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UNHCR: Refugees Should Not Become Scapegoats for Terrorists

  • Lisa Schlein

A volunteer holds a baby after her family's arrival on a dinghy from the Turkish coast to the northeastern Greek island of Lesbos on Nov. 17, 2015.

A volunteer holds a baby after her family's arrival on a dinghy from the Turkish coast to the northeastern Greek island of Lesbos on Nov. 17, 2015.

In the aftermath of the terrorist attacks in Paris, the U.N. refugee agency warns that refugees fleeing conflict and persecution should not be turned into scapegoats for the violence.

UNHCR officials say the vast majority of those coming to Europe are fleeing life-threatening circumstances perpetrated by the same groups of people responsible for the horrific Paris attacks.

“I think it is clear that a world that welcomes Syrians can actually defeat extremism," said UNHCR Spokeswoman Melissa Fleming, adding that many refugees are forced to travel by irregular means because they have no other safe alternatives for reaching European shores.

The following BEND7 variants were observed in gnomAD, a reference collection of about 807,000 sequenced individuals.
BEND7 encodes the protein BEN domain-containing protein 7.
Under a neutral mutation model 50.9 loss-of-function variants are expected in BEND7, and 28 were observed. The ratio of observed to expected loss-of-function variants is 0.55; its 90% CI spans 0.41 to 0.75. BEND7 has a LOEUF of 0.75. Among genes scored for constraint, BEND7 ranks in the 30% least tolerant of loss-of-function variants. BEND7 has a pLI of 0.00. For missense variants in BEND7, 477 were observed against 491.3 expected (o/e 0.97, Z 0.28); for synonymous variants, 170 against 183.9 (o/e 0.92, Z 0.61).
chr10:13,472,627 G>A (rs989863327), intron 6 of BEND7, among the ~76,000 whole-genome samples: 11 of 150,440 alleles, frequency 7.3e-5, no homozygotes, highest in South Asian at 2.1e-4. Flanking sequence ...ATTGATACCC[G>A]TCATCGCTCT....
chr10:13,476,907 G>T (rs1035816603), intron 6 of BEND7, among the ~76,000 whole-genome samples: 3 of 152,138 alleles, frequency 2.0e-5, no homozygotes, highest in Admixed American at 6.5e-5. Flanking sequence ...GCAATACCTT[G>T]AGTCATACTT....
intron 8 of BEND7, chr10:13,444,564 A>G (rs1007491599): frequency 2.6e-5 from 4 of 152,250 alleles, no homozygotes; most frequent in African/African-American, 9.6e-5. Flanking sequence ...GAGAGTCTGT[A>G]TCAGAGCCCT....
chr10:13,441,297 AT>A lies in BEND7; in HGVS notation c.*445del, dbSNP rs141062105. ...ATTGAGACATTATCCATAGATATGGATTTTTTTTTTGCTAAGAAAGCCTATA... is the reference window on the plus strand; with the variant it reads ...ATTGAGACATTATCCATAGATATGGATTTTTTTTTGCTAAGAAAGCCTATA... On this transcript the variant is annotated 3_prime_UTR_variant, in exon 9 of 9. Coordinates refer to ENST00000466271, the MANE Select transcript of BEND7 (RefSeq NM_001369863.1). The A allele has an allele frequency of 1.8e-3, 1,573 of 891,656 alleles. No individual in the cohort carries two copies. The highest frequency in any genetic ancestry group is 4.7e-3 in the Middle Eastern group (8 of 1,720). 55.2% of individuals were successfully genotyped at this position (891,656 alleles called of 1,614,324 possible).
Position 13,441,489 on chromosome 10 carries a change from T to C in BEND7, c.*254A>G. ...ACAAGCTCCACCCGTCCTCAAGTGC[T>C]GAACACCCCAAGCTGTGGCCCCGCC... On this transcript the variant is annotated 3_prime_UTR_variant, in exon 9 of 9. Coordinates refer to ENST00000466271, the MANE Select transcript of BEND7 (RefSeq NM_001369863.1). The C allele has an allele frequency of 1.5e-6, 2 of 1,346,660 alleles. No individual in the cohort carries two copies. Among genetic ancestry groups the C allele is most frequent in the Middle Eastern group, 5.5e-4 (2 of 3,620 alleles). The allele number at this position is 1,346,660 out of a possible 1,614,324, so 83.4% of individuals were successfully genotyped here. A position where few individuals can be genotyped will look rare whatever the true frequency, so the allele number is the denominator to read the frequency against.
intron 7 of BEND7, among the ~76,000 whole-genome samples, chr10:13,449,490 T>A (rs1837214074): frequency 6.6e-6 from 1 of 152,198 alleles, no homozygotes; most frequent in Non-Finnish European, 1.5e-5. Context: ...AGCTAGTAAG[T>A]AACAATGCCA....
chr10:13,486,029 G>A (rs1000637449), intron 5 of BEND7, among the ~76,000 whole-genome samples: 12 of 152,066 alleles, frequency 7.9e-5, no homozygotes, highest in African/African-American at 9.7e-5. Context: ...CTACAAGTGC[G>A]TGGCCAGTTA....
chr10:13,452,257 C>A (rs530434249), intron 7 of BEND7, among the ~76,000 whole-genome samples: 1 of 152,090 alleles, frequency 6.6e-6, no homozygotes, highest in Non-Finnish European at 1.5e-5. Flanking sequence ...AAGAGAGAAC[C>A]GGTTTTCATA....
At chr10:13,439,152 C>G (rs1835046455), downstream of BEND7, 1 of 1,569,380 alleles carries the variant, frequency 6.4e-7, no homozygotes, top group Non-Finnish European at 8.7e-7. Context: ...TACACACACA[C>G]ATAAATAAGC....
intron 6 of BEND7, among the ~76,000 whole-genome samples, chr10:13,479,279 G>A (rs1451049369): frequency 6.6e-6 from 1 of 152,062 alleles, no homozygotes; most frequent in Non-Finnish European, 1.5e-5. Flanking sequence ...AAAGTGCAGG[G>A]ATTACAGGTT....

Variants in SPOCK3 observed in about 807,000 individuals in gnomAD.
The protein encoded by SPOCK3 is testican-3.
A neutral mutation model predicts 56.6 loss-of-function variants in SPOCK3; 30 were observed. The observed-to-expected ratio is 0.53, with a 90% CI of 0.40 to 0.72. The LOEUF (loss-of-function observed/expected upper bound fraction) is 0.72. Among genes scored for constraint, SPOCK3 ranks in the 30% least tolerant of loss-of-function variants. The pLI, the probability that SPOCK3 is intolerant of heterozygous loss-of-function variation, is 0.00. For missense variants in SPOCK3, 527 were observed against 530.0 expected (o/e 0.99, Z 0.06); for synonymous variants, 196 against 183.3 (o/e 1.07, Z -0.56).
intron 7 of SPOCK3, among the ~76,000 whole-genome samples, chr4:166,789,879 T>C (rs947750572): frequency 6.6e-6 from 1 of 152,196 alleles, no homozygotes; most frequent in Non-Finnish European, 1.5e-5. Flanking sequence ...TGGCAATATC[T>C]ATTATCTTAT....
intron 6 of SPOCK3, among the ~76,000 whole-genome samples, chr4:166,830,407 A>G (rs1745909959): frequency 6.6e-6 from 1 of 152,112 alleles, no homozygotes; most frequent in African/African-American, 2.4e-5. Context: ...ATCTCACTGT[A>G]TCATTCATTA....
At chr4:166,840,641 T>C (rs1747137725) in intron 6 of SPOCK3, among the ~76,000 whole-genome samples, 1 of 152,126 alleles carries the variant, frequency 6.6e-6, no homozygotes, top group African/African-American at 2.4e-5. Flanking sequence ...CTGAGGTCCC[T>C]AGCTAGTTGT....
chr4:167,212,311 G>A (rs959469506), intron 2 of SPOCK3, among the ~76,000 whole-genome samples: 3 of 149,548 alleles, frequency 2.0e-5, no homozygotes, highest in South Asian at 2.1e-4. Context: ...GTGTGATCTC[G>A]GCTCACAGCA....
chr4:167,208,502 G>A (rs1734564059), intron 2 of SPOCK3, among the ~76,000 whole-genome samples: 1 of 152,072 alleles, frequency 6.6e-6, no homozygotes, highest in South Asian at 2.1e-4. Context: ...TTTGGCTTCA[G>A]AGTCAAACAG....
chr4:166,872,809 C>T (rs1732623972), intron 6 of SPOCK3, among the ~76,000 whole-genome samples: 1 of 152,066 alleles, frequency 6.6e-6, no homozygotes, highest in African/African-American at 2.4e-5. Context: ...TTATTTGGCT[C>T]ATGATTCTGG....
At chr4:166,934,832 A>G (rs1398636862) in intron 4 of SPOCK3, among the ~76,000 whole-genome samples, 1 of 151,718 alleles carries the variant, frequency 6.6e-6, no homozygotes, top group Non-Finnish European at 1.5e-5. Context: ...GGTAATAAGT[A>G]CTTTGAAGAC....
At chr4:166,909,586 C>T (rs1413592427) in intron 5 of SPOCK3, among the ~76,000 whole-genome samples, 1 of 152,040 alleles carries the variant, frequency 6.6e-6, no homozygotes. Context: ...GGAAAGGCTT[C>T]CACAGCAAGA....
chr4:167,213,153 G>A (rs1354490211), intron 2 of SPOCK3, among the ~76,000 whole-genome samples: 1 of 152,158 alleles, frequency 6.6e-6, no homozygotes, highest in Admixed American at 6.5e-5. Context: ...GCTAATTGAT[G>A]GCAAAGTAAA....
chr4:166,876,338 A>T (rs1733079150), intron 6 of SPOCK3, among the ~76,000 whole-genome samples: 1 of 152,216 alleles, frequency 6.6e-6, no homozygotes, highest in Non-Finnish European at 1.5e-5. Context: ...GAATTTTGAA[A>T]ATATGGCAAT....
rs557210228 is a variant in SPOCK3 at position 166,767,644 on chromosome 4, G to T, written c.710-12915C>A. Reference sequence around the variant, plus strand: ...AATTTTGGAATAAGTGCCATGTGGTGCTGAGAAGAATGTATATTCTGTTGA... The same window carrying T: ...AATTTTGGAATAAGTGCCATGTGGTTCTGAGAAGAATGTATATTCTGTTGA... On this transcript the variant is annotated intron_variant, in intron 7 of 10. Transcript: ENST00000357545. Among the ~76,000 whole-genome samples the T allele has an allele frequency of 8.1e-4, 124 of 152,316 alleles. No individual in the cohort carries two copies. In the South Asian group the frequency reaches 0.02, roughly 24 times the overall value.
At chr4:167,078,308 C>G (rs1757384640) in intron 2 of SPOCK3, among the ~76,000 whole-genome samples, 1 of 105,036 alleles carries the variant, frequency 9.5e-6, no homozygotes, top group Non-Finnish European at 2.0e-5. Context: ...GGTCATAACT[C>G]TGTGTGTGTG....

"A world that rejects Syrians, and in particular Muslims, will feed into the propaganda that is strengthening extremist groups like ISIS,” she said, using an acronym to refer to Islamic State terrorists.

Refugees and migrants react as they disembark from a dinghy after their arrival from the Turkish coast to the northeastern Greek island of Lesbos on Nov. 17, 2015.

Refugees and migrants react as they disembark from a dinghy after their arrival from the Turkish coast to the northeastern Greek island of Lesbos on Nov. 17, 2015.

A number of European Union countries are rejecting asylum seekers and calling to shelve the EU proposal to distribute 160,000 refugees among the 28 member states.

Several U.S. governors are also saying Syrian refugees aren't welcome.

Fleming says the UNHCR has long been urging countries to immediately put in place an effective reception, registration and screening process upon arrival in Greece and Italy. She told VOA when refugees are resettled, they go through a very thorough screening process.

“Certainly things would have been made much more difficult and also there are obviously a lot of fake passports circulating," she said. "This is also part of the criminal network and a sophisticated system would detect this better.”

UNHCR says legal avenues of movement for refugees, notably through resettlement and humanitarian admission programs, must be expanded immediately. It says these programs would decrease the number of dangerous and irregular journeys refugees now are forced to make and cut down the smuggling trade.

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